May 16 - 22, 2021: Issue 494


Permanora Honey - Tom's Pure Honey From Elanora Heights  

Years ago Selena Griffith established 1200 sq.m permaculture garden with a sustainable house. In the grounds are chooks, worm farms, composting, native bees, native bush tucker and medicine plants, edible fruit, vegetable and medicinal plants, water features, a citrus grove, raised and no-dig garden beds, herb spiral, aquaponics, a green wall, rain water tanks, gravity fed watering. 

Selena has also been a proponent of native bee hives. Past features on local insects for younger readers have showcased her images of insects and among these, the bees that live in her garden. Those needing to 'split' a hive have called on her knowledge to help with the process. When you have a large, healthy hive, it is possible to create a new colony from it by making what is called a split. In basic terms a split is taking a portion of an established colony and transfer it to a separate hive thereby creating two colonies.

Native bees are a vital part of local ecosystems and maintain the health of our environment through 'naturally promoting biodiversity.

Carpenter bee (male) making use of excess wax from my trigonula hive - photo by Selena Griffith, January 16, 2020, Elanora Heights

This suburban miniature 'farm' has formed part of the local permaculture community and been a feature of the Sydney Edible Garden Trail since its commencement and formed part of the Permaculture Northern Beaches branch's May 2nd 2021 annual Permaculture day as 'Permanora'.

Permaculture is a design system for creating sustainable human environments. It is about designing households and communities that are productive, sustaining and largely self reliant and have minimal impact on the environment. Permaculture Day started right here in Australia and is now celebrated all over the world.

Permanora is an evolving garden designed around the principles of Permaculture. Tucked in a quiet gully in Elanora Heights, Selena’s protection of native vegetation on the site also makes this a perfect habitat for native animals and insects. The yard is populated with resident kookaburras, and other birds including owls, fruit bats, several species of frogs, lizards and the occasional snake, and plenty of insects!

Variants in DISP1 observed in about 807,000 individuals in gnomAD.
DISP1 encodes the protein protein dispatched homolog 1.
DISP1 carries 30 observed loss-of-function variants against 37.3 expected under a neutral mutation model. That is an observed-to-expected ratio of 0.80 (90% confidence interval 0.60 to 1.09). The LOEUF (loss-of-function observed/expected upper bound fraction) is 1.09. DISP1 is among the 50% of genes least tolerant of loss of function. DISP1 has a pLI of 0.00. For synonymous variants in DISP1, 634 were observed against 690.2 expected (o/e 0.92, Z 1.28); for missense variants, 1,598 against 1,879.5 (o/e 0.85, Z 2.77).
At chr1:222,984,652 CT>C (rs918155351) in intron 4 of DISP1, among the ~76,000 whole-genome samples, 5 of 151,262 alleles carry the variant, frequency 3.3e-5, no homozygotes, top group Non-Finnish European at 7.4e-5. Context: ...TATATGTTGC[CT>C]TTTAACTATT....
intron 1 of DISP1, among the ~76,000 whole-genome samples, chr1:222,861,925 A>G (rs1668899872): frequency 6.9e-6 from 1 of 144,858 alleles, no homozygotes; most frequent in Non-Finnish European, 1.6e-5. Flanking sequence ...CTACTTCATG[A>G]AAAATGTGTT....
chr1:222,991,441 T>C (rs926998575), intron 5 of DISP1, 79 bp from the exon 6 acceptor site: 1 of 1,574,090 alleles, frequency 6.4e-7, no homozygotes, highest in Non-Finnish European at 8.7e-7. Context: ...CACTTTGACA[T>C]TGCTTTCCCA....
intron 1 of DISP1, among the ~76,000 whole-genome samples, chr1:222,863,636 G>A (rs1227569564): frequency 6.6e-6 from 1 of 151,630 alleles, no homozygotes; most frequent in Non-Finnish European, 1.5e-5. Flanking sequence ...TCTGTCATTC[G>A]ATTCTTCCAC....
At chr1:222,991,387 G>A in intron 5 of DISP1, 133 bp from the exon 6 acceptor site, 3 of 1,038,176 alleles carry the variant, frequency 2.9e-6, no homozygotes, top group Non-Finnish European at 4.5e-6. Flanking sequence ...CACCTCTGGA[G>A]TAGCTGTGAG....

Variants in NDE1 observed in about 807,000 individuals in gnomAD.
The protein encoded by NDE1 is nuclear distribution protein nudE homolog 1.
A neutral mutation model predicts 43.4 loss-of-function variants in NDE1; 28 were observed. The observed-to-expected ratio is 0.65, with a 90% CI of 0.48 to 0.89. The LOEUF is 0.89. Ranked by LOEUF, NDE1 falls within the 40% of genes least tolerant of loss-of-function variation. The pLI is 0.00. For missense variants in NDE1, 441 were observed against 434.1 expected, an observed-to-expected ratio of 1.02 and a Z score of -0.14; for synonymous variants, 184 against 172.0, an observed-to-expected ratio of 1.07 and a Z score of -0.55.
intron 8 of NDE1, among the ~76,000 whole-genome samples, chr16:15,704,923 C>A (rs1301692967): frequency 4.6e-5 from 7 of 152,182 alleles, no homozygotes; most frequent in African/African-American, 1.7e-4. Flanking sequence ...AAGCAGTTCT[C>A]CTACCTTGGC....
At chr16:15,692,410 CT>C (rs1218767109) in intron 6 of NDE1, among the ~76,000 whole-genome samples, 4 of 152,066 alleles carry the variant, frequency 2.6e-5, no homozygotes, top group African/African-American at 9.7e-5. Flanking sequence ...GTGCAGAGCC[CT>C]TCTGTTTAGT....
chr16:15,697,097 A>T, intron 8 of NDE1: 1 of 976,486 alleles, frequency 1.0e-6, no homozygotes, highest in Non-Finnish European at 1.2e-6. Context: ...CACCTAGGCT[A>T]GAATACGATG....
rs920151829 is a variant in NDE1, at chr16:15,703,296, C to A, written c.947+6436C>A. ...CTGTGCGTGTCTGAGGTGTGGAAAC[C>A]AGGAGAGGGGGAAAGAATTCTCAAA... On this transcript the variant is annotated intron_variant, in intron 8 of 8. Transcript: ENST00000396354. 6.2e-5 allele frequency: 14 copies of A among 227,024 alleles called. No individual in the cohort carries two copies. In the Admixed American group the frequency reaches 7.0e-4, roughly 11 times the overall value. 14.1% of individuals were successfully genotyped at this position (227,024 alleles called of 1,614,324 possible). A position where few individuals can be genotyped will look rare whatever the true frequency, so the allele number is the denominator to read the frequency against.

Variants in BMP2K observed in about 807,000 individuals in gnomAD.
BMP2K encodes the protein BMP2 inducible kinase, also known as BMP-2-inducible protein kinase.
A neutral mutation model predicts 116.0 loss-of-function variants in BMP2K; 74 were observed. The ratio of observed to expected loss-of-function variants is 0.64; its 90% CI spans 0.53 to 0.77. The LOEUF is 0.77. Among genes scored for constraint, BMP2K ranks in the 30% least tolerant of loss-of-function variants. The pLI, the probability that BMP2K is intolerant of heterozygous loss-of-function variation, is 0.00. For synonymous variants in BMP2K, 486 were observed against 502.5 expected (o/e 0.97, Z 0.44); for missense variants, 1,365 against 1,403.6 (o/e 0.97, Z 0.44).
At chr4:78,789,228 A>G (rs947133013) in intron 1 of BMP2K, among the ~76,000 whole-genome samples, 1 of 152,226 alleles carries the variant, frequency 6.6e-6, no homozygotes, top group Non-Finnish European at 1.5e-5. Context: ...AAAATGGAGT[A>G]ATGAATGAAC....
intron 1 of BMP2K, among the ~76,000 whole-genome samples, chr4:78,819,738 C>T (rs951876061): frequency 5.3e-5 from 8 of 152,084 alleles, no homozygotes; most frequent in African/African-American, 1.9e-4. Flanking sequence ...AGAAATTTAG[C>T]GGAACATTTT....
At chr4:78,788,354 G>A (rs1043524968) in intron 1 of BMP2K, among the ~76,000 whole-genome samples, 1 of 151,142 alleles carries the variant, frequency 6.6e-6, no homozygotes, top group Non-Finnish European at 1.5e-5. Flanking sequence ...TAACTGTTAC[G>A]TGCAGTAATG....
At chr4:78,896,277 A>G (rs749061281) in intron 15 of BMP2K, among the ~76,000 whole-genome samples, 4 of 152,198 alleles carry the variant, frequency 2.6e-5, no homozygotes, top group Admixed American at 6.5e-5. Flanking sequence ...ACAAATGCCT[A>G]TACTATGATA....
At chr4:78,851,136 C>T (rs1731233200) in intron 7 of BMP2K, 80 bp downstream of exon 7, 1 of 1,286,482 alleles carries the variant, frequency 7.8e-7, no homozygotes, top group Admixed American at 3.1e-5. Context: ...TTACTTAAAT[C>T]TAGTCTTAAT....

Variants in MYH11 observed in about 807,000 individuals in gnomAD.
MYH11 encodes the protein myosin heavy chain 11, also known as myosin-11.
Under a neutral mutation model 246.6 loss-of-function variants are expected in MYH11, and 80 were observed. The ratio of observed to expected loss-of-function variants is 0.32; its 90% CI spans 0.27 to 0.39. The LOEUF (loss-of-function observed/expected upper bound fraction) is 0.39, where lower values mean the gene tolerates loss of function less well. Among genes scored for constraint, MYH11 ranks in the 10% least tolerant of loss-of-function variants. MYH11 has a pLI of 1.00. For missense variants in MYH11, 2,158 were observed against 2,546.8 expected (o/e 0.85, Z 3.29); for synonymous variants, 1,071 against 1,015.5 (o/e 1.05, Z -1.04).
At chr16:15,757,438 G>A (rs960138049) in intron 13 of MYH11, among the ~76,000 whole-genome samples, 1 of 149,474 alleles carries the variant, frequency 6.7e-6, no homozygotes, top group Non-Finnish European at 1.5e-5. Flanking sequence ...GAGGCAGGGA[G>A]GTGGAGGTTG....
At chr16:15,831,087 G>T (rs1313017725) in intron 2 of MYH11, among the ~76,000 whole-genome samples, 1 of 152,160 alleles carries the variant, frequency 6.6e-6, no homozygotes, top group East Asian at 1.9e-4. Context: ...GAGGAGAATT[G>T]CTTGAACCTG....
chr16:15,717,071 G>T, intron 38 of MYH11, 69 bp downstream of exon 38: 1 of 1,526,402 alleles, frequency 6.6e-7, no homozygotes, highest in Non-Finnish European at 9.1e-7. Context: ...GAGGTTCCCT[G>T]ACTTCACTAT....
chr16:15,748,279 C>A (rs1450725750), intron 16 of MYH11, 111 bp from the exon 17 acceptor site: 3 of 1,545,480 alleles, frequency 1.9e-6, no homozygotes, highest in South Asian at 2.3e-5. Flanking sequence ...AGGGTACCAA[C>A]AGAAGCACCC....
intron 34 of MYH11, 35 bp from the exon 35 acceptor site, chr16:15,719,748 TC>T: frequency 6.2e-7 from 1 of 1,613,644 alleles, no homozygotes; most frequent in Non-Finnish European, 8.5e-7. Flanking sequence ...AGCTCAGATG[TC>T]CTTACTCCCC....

The terraced slope affords a number of garden 'rooms' each with its own character and function. Selena Griffith won Pittwater Council’s 2011 award for Sustainability in Landscaping for this garden.


'Permanora' chook and hive

At this years' Permaculture Day some newly arrived labels for her son Tom's native bee honey allowed visitors to buy jars of this from Tom's hives with funds raised being dedicated to STEM education in Africa. Tom has also worked to earn a new bicycle.

This young entrepreneur is proof that many of our local teenagers don't expect a handout - they will create for themselves the opportunities and follow through to establish something that didn't exist prior to them making that effort.

Pittwater Online News spoke to apiarist Tom and his mum Selena this week to find out more about Permanora Honey.

When did this enterprise launch?
In December last year Tom got his first hive, a flow hive. A Flow Hive is a beehive designed to allow honey to be extracted simply by turning a knob: the hive does not have to be opened and the bees are not disturbed or stressed as in normal extraction. His first Harvest was in February on Valentines Day!

What’s involved – do you look after the hives, source the jars, do the bottling?
He has now saved enough for a second hive which he has just assembled and we have a new brood arriving next week. Tom orders jars, sterilises them, then decants the honey directly from the hive into the jars.

What sort of flowers are the bees gathering their honey from?
Bees can range from 3 km to 8 km to forage. That means our bees are collecting from flowers in Elanora, Narrabeen, Garrigal National Park and Ingleside – so lots of native and fruit plants. The hive is under a large loquat tree.

Having tasted this honey, it reminds me of pure Tasmanian honey – how is it that something from a suburb can taste so pure?
The honey is pure, no additives, no heat treatment and bees are great selectors of the best quality materials – so we have the perfect situation.
Eating local honey is really good for you as it is full of all the local pollens. It can help with immunity and desensitisation to allergies.

Are there any other products you’re making?
Tom is hoping to add a number of products such as seasonal jams, chutneys and sauces.

Where can people get a jar of this honey?
You can buy from The Meat Emporium at Elanora Heights.

So, do your health a favour and taste this pure local honey. Tom’s Permanora local, organic, raw honey is now available from the Meat Emporium, 1/69 Kalang Rd, Elanora Heights  - Sydney's only Demeter Organic Certified butcher.

Way to go Tom! Well done!!!